Saturday, 02 March 2024

Judge sets April hearing date in Stanley case

LAKE COUNTY – Lake County's District Attorney asked a Butte County judge Thursday to grant his motion to move forward with a retrospective competency hearing in a 1980 murder conviction.


District Attorney Jon Hopkins went before Judge Sandra McLean in the case of Gerald Frank Stanley, 63, who was sentenced to death in 1984 for the murder of his wife, Cynthia Rogers Stanley.


On March 17 a federal judge – citing juror misconduct – threw out the competency trial that was held in late 1983 as part of Stanley's original prosecution after questions of his mental state were raised, as Lake County News has reported.


Hopkins asked Judge McLean for a hearing on the feasibility of retrospective competency proceedings; at the same time, he's planning to file a request for a change of venue in order to move the case back to Lake County. The trial was moved in 1983 because of pretrial publicity, he explained.


McLean granted Hopkins' request for a hearing on his motions, which is scheduled for 11 a.m. April 24 in Oroville, Hopkins said.


Stanley, based on a removal order filed by Hopkins, was transported from San Quentin State Prison's death row to the Butte County Jail in Oroville.


Hopkins said Stanley appeared in court Thursday, after having spent the morning fighting with jail nurses over his medications. Stanley has previously stated to this reporter that he suffers from a variety of health complaints, including heart issues.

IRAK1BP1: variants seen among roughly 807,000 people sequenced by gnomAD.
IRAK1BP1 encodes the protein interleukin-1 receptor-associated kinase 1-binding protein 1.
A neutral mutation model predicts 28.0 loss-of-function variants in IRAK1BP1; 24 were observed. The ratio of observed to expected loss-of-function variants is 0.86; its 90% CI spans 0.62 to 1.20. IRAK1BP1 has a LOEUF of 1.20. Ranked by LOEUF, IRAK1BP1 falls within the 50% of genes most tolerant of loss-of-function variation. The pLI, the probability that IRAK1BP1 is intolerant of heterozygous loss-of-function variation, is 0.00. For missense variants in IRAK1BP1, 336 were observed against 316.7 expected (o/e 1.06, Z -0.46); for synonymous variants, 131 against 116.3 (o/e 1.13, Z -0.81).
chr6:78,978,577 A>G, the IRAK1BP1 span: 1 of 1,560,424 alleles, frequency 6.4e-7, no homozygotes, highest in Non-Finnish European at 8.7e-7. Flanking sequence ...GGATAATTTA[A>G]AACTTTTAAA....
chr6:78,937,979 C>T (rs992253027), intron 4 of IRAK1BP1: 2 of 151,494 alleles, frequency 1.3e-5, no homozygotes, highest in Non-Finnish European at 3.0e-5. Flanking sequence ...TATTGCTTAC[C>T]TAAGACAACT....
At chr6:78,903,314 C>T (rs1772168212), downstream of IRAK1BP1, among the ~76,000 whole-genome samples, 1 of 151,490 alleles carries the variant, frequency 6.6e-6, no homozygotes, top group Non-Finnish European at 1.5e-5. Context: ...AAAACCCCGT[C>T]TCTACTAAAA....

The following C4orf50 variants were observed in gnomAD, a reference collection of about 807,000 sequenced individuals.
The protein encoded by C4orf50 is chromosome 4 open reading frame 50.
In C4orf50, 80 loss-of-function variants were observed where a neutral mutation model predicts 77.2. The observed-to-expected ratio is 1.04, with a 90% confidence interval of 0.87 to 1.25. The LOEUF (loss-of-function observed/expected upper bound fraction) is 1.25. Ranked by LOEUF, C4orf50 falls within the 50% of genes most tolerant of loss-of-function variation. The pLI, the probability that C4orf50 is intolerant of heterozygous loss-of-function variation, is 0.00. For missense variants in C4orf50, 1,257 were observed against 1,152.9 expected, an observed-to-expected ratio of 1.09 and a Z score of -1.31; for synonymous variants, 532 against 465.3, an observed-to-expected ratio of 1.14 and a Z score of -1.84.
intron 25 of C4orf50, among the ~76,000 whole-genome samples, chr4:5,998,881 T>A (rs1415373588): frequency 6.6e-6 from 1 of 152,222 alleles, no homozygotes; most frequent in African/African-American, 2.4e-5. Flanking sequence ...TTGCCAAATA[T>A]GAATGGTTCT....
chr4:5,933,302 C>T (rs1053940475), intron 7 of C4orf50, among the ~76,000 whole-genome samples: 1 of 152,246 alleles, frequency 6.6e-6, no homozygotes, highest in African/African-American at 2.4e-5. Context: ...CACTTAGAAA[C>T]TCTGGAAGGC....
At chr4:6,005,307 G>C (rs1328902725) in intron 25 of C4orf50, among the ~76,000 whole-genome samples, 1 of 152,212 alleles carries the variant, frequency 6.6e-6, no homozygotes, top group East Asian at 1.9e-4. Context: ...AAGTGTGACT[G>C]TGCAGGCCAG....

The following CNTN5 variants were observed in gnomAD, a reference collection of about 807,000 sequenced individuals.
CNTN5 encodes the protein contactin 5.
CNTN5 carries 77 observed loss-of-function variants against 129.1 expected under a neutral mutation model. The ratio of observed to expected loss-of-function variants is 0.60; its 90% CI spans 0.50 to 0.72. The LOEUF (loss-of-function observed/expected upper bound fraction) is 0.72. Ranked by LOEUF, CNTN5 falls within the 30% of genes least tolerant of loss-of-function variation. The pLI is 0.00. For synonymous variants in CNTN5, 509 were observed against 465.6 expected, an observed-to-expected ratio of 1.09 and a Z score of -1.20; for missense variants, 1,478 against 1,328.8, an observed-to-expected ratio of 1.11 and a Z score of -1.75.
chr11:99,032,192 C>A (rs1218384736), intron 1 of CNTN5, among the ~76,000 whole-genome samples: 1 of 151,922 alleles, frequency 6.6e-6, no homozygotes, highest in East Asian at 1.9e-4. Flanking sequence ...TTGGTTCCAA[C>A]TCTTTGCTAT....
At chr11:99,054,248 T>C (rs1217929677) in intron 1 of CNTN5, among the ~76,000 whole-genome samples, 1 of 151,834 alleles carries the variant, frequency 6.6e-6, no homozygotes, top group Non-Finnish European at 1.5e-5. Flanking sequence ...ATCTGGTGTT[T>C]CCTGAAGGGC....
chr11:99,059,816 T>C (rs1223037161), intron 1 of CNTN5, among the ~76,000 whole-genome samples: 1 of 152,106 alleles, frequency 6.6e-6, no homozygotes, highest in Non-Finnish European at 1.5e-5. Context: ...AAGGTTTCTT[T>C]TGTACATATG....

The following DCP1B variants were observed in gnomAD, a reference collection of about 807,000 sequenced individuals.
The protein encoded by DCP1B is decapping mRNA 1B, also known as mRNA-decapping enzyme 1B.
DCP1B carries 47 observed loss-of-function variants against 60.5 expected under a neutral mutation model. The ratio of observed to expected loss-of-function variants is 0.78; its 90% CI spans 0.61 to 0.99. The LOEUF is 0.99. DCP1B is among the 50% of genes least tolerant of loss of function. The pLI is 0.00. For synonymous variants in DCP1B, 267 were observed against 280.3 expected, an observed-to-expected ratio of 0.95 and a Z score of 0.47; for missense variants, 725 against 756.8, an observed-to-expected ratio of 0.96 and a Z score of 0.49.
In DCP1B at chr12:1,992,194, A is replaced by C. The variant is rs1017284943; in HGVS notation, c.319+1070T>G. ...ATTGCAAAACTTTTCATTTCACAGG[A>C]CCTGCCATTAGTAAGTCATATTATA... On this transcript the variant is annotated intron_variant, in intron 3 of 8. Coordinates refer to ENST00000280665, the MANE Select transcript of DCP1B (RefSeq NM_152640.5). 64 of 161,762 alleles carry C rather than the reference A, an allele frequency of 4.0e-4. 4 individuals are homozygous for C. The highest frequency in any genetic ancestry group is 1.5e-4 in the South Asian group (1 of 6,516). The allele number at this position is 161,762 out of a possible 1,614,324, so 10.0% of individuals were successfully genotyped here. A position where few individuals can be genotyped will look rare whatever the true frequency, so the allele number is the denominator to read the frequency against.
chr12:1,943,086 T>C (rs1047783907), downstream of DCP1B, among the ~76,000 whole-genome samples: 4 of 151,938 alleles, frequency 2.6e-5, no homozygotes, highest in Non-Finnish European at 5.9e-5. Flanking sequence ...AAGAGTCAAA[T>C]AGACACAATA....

Upset over the issues with his care at the jail, Stanley made demands to the court that he be transported back to San Quentin, said Hopkins.


When it came time to appoint a defense attorney for Stanley in these current proceedings, Stanley requested Mark Olive, according to Hopkins.


Olive, a Florida attorney who has specialized in defending death penalty cases for 30 years, has previously worked on Stanley's defense team, although Stanley has stated in the past that he did not want Olive and other federal defenders to act on his behalf.


Hopkins said Olive wasn't present at the Thursday hearing, although two federal defense attorneys were present. McLean appointed Chico attorney Dennis Hoptowit to represent Stanley.


While his mental competency has been questioned, Stanley's guilt in the murder was upheld in the recent ruling and in a California Supreme Court ruling, according to court documents.


In the original trial, Stanley was ruled competent and sentenced to the gas chamber. He has remained on death row since February of 1984.


If a retrospective competency hearing were held and Stanley was found incompetent at the time of his original trial's penalty phase, he would no longer face the death penalty and instead would serve out the remainder of his life behind bars without the possibility of parole, according to Hopkins.


E-mail Elizabeth Larson at This email address is being protected from spambots. You need JavaScript enabled to view it..


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